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Some local jingles that will get stuck in your head

Cellino & Barnes may have the “stickiest” of all jingles: It’s simple, quick, ubiquitous – and as Fredonia State professor Rob Deemer pointed out to me, there are five notes tagged to the end of the jingle (at the 0:07 mark in this video) that make sure you remember the name of the firm.

Jingles can be annoyingly sticky, even for the people who write them. After Anthony Casuccio created the percussion-driven “Milk Times Three,”  he avoided the song. “It took me a long time to be able to listen to it, because I thought it was kind of corny,” he said. “But then when I admitted to people I did that, they love it.” (Side note: After I wrote those sentences, I hit play on the video. A nearby table of teens stood up and started dancing.) Check out more of Casuccio’s work – which unlike the dairy ditty, has a rock feel – on his website.

How expansive is Ken Kaufman’s catalog of jingles? Consider this: His demo reel alone is nearly 10 minutes long — and if you’ve lived in Western New York for any amount of time, you’ll likely know almost every song. (Click on the demo reel button on the right.)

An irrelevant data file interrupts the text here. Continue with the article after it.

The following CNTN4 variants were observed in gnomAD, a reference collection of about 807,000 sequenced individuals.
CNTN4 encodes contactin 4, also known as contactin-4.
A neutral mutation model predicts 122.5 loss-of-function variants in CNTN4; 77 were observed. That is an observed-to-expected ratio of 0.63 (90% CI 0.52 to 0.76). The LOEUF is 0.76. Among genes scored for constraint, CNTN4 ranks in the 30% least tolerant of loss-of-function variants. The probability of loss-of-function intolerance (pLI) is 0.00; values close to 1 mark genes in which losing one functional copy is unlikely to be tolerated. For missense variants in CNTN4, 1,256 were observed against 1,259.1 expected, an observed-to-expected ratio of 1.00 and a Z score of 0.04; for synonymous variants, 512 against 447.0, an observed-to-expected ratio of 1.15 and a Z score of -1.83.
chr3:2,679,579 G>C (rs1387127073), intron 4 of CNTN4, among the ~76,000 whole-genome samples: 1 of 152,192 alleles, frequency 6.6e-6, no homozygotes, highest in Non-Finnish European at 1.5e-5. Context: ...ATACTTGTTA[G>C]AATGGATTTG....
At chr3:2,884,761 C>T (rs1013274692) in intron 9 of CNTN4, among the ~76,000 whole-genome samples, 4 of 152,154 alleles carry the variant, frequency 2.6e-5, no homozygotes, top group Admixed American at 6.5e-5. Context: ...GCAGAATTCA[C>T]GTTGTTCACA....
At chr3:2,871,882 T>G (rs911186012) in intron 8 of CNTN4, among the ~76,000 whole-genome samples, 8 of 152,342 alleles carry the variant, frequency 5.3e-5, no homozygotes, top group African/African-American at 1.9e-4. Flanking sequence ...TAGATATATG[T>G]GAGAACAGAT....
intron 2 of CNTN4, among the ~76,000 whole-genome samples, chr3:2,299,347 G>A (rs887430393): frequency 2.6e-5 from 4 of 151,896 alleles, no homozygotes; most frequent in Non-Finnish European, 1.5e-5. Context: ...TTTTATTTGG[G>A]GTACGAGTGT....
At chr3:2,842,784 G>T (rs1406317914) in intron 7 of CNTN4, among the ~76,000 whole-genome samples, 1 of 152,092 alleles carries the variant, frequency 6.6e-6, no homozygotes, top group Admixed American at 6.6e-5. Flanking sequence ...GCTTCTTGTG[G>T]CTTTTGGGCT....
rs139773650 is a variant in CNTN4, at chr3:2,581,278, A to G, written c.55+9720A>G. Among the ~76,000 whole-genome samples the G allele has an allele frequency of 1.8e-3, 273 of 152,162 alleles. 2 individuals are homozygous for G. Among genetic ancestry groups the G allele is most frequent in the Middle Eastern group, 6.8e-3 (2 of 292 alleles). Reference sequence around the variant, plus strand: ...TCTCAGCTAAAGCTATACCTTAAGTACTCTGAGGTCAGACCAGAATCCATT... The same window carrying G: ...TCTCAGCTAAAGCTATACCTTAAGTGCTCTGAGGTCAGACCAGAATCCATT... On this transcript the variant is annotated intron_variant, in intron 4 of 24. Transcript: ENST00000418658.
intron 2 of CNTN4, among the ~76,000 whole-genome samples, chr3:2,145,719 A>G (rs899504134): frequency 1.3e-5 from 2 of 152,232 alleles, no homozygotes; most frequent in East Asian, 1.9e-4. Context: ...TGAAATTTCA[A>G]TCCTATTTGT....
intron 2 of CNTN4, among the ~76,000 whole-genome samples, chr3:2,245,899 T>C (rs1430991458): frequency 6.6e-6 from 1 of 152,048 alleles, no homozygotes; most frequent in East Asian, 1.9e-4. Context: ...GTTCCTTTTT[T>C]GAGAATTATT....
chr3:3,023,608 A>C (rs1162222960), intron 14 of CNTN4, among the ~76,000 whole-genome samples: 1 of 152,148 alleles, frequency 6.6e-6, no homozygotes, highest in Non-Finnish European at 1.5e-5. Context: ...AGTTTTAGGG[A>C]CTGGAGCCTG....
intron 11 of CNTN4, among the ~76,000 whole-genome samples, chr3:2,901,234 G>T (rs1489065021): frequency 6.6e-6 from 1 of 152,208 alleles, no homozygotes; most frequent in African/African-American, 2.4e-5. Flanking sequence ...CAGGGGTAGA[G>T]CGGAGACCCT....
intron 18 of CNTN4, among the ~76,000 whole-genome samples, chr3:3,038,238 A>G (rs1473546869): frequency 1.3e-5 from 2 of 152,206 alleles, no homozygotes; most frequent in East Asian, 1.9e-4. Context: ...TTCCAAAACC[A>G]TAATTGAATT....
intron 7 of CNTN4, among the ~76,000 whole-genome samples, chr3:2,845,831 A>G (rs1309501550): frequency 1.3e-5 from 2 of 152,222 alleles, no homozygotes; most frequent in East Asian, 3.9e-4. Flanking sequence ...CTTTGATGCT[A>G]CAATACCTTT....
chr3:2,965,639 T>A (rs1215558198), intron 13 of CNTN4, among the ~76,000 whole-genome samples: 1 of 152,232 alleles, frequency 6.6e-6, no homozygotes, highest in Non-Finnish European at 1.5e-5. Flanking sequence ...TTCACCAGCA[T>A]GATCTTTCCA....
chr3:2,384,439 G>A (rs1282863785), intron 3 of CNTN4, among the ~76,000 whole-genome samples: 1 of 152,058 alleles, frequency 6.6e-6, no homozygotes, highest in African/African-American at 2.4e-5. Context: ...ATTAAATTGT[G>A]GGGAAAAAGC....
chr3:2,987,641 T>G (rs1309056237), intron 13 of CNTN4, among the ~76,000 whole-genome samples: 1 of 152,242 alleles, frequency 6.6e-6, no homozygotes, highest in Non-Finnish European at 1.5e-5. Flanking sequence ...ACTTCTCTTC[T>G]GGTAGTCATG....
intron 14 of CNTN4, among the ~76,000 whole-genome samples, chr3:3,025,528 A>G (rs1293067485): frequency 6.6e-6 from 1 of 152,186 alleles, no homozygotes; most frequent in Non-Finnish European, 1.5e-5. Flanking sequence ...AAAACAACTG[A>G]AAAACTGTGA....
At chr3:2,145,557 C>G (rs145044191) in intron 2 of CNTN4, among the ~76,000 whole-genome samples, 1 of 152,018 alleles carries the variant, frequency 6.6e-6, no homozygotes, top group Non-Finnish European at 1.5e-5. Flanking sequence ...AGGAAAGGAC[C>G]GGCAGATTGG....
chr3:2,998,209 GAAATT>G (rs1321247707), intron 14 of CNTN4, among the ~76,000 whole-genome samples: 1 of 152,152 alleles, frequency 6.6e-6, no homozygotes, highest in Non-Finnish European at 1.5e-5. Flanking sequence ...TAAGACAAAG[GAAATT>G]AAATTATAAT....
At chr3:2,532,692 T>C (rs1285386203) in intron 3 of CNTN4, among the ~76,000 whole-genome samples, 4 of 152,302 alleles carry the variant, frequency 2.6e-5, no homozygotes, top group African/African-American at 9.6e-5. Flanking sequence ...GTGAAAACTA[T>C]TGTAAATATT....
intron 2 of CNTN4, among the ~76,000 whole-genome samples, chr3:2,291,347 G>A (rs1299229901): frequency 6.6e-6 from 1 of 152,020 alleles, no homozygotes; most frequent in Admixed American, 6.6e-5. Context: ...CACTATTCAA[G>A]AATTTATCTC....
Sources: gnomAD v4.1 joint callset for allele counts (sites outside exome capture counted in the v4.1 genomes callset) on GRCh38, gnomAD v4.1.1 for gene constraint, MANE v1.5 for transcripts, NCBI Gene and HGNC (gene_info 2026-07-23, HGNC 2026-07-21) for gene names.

A few years ago, the Basil Family of Dealerships considered getting a new jingle. Ultimately they decided to stick with their longtime song that ends with “Basil! Basil! Just great deals!” Why? The auto dealer gets consistent requests from youth teams, community and school groups to sing the jingle. Check out this “kicking” version from a martial arts studio.

Eighteen years ago, Joe Caldarelli of Mike Barney Nissan and his advertising agent pulled group of “four of us, maybe five” into a radio studio with odd instructions: Sing the name of our auto dealership — as off-key as you possibly can. (Little-known fact about a well-known guy: One of the people in the booth was Kevin Keenan, then a radio broadcaster, now a PR executive who represents the Catholic Diocese of Buffalo.) The resulting “non-jingle” is so popular that about 10 years ago, when Caldarelli floated the notion of changing it, a woman offered to marry him if he didn’t touch the jingle.

Jingle writers generally don’t like the word “jingle.” Many prefer the term “musical logo” or “musical image.” Or then there’s Tom Merrick, an advertising executive for Eric Mower and Associates and longtime member of the now-defunct punk band Crankdaddy. When he wrote the full-length song “Healthy Changes Everything” for his client BlueCross BlueShield of Western New York, he coined the term “pingle.” (That’s pop song + jingle.)

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